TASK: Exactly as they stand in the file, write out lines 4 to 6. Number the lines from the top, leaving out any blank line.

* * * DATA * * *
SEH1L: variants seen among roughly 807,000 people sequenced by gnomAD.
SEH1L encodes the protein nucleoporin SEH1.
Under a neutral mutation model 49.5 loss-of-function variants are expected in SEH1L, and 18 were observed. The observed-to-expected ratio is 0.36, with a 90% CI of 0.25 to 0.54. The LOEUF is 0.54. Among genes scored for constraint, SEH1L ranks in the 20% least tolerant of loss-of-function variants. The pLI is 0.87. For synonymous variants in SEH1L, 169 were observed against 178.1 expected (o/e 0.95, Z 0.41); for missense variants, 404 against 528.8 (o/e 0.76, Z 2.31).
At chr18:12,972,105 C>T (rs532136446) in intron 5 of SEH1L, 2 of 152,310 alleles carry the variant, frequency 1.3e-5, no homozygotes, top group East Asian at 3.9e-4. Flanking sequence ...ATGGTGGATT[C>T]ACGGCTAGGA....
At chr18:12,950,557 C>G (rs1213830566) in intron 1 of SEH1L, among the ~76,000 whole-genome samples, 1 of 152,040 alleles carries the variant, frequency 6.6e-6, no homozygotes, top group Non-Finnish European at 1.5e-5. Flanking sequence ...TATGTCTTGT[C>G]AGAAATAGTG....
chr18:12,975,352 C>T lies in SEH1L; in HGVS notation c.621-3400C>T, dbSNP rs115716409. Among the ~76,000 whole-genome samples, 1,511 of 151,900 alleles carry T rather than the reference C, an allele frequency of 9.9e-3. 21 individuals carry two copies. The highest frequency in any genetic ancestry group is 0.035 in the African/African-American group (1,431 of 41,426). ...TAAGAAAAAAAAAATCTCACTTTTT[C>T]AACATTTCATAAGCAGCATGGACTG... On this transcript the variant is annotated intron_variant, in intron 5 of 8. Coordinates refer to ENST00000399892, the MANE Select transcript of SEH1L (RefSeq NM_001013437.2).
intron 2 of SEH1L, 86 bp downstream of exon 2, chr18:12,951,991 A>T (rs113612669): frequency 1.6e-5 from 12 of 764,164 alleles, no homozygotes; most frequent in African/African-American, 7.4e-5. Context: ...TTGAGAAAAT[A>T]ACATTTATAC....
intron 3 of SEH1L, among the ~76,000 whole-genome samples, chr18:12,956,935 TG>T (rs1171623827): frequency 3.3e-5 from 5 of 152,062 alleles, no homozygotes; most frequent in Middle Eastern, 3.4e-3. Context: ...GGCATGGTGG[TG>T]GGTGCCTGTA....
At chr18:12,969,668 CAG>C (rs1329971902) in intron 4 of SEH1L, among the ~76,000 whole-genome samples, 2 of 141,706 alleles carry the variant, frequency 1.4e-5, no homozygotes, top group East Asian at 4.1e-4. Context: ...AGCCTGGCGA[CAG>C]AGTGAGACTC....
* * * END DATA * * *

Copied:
At chr18:12,972,105 C>T (rs532136446) in intron 5 of SEH1L, 2 of 152,310 alleles carry the variant, frequency 1.3e-5, no homozygotes, top group East Asian at 3.9e-4. Flanking sequence ...ATGGTGGATT[C>T]ACGGCTAGGA....
At chr18:12,950,557 C>G (rs1213830566) in intron 1 of SEH1L, among the ~76,000 whole-genome samples, 1 of 152,040 alleles carries the variant, frequency 6.6e-6, no homozygotes, top group Non-Finnish European at 1.5e-5. Flanking sequence ...TATGTCTTGT[C>G]AGAAATAGTG....
chr18:12,975,352 C>T lies in SEH1L; in HGVS notation c.621-3400C>T, dbSNP rs115716409. Among the ~76,000 whole-genome samples, 1,511 of 151,900 alleles carry T rather than the reference C, an allele frequency of 9.9e-3. 21 individuals carry two copies. The highest frequency in any genetic ancestry group is 0.035 in the African/African-American group (1,431 of 41,426). ...TAAGAAAAAAAAAATCTCACTTTTT[C>T]AACATTTCATAAGCAGCATGGACTG... On this transcript the variant is annotated intron_variant, in intron 5 of 8. Coordinates refer to ENST00000399892, the MANE Select transcript of SEH1L (RefSeq NM_001013437.2).